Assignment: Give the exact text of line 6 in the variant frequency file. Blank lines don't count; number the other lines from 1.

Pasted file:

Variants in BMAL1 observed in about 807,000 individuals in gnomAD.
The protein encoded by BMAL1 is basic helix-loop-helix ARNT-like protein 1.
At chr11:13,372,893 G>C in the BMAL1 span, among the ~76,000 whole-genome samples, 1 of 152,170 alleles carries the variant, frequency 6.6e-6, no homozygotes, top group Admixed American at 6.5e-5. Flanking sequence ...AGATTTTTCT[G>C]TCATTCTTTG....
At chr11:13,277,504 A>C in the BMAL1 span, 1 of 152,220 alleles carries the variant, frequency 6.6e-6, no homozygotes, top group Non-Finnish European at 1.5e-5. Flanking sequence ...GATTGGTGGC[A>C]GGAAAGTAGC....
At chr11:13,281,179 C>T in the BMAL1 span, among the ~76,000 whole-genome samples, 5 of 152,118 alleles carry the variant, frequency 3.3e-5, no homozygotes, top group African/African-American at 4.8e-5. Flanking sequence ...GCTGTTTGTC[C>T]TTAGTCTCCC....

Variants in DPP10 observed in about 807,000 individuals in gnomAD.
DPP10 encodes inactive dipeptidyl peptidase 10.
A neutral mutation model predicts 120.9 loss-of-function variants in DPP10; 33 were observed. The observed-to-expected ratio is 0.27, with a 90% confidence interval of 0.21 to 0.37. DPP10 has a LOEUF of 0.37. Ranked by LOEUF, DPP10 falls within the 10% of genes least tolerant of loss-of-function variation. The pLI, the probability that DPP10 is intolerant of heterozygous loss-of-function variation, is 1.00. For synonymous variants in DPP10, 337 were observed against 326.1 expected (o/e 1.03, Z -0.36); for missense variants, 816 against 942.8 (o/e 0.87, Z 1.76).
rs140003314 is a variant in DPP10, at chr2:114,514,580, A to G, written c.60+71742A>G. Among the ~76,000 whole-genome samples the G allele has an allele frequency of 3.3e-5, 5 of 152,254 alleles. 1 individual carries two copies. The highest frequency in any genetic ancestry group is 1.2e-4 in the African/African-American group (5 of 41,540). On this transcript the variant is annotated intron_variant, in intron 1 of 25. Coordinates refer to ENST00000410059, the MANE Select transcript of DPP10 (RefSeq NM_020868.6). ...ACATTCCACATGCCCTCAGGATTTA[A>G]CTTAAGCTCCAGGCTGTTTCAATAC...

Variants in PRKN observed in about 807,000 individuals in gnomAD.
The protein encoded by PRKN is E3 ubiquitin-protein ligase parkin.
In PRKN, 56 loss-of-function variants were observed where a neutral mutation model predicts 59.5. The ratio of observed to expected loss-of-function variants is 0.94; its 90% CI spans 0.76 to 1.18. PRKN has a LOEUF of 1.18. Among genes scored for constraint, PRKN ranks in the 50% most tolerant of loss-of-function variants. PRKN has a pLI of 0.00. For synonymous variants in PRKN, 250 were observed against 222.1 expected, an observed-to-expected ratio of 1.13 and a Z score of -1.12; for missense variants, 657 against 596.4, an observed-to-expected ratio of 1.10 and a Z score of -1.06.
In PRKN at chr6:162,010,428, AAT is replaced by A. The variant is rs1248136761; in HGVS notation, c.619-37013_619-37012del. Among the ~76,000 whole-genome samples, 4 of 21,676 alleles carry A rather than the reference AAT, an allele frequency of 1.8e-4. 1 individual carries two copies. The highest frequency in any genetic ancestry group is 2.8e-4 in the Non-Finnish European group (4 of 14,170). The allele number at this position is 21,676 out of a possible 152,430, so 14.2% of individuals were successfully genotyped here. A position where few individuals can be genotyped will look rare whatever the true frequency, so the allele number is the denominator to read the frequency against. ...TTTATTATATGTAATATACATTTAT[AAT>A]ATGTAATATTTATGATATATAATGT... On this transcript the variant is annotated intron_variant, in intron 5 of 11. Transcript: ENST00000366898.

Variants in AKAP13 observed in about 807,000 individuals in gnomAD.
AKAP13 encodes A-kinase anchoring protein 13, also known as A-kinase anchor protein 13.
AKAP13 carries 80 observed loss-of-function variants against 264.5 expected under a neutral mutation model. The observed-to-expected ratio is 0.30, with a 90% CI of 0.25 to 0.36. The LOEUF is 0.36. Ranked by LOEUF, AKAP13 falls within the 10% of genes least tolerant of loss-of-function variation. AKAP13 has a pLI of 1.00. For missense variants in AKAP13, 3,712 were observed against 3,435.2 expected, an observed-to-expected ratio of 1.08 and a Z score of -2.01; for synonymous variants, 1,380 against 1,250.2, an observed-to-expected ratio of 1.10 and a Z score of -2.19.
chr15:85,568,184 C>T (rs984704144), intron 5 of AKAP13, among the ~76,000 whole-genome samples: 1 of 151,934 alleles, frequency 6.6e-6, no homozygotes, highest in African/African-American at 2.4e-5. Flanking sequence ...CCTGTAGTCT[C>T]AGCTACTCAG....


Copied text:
Variants in DPP10 observed in about 807,000 individuals in gnomAD.